Gone Too Soon: priorities for action to prevent premature mortality associated with mental illness and mental distress

Rory C. O'Connor, Carol M. Worthman, Marie Abanga, Nikoletta Athanassopoulou, Niall Boyce, Lai Fong Chan, Helen Christensen, Jayati Das-Munshi, James Downs, Karestan C. Koenen, Christine Yu Moutier, Peter Templeton, Philip Batterham, Karen Brakspear, Richard G. Frank, Simon Gilbody, Oye Gureje, David Henderson, Ann John, Wilbroad KabagambeMurad Khan, David Kessler, Olivia J. Kirtley, Sarah Kline, Brandon Kohrt, Alisa K. Lincoln, Crick Lund, Emily Mendenhall, Regina Miranda, Valeria Mondelli, Thomas Niederkrotenthaler, David Osborn, Jane Pirkis, Anthony R. Pisani, Benny Prawira, Hala Rachidi, Soraya Seedat, Dan Siskind, Lakshmi Vijayakumar, Paul S.F. Yip

Research output: Contribution to journalReview articlepeer-review

22 Citations (Scopus)

Abstract

Globally, too many people die prematurely from suicide and the physical comorbidities associated with mental illness and mental distress. The purpose of this Review is to mobilise the translation of evidence into prioritised actions that reduce this inequity. The mental health research charity, MQ Mental Health Research, convened an international panel that used roadmapping methods and review evidence to identify key factors, mechanisms, and solutions for premature mortality across the social–ecological system. We identified 12 key overarching risk factors and mechanisms, with more commonalities than differences across the suicide and physical comorbidities domains. We also identified 18 actionable solutions across three organising principles: the integration of mental and physical health care; the prioritisation of prevention while strengthening treatment; and the optimisation of intervention synergies across social–ecological levels and the intervention cycle. These solutions included accessible, integrated high-quality primary care; early life, workplace, and community-based interventions co-designed by the people they should serve; decriminalisation of suicide and restriction of access to lethal means; stigma reduction; reduction of income, gender, and racial inequality; and increased investment. The time to act is now, to rebuild health-care systems, leverage changes in funding landscapes, and address the effects of stigma, discrimination, marginalisation, gender violence, and victimisation.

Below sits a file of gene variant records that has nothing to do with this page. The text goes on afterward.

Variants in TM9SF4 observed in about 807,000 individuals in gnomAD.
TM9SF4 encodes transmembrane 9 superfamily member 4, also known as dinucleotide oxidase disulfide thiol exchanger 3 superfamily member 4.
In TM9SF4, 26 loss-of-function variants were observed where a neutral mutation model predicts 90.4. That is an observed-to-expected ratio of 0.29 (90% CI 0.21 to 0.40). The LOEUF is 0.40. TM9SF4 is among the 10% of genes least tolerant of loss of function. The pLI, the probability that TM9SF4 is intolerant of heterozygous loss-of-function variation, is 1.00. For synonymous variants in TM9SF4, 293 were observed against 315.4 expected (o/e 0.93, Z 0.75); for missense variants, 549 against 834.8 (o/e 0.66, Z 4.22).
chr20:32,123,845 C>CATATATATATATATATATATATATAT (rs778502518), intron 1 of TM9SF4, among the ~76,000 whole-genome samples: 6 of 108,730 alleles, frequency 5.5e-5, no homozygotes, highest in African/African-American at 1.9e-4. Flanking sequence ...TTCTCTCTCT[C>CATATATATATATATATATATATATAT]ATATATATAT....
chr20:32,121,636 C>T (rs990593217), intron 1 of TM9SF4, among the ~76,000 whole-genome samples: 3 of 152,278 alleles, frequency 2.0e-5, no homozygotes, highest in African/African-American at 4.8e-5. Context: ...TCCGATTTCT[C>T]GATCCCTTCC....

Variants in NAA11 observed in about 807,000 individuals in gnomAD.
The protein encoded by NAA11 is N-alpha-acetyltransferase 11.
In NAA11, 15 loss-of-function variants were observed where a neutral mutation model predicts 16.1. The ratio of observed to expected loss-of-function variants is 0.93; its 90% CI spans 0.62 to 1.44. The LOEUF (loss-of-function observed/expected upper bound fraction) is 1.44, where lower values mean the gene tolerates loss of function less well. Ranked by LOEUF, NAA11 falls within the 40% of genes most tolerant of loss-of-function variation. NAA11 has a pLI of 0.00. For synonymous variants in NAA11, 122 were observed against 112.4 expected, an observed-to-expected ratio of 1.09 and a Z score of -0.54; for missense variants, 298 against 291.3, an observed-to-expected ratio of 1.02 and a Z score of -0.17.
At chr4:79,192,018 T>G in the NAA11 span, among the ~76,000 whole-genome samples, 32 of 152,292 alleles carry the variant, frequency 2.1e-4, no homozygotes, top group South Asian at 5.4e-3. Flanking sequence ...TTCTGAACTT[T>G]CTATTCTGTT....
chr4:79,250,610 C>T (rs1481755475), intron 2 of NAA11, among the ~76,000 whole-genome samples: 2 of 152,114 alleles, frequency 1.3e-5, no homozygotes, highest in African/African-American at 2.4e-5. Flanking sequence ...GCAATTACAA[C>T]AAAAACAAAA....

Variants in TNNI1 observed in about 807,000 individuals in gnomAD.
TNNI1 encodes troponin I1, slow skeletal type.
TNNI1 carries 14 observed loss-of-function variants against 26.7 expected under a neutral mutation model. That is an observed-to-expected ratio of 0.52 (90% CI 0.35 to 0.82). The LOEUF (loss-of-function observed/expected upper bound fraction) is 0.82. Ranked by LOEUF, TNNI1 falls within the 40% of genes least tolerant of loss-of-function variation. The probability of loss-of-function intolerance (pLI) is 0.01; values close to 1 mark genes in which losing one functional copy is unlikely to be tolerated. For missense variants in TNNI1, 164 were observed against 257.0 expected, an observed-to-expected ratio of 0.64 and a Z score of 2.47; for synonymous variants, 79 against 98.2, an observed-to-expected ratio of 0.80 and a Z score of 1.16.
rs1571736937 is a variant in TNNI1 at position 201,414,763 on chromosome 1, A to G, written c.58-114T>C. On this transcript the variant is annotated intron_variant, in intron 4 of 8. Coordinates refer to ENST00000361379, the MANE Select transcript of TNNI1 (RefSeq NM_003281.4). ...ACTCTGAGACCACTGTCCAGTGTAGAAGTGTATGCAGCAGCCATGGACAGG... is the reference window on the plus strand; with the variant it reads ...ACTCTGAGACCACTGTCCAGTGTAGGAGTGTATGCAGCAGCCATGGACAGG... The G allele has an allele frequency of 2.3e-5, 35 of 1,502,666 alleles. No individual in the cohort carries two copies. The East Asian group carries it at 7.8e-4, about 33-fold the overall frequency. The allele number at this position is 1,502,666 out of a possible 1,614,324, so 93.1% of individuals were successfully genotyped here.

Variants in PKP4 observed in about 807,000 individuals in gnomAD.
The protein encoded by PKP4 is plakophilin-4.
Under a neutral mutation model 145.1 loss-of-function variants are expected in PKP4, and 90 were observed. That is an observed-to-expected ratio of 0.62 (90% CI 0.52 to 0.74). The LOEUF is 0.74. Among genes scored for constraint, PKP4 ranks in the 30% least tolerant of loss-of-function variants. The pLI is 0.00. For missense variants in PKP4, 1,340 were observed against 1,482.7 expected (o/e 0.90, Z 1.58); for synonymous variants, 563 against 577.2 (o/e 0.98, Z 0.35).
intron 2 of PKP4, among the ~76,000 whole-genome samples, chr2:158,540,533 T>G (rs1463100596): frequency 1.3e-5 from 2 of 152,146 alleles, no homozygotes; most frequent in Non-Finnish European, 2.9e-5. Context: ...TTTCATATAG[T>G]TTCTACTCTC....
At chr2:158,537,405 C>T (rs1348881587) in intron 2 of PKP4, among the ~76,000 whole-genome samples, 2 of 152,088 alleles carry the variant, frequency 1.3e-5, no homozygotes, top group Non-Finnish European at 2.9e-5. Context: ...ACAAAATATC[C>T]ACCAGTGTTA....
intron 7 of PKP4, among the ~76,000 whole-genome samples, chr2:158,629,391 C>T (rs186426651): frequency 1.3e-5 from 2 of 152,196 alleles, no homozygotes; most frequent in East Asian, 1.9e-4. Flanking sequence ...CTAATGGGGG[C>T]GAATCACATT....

Original languageEnglish
Pages (from-to)452-464
Number of pages13
JournalThe Lancet Psychiatry
Volume10
Issue number6
DOIs
Publication statusPublished - Jun 2023

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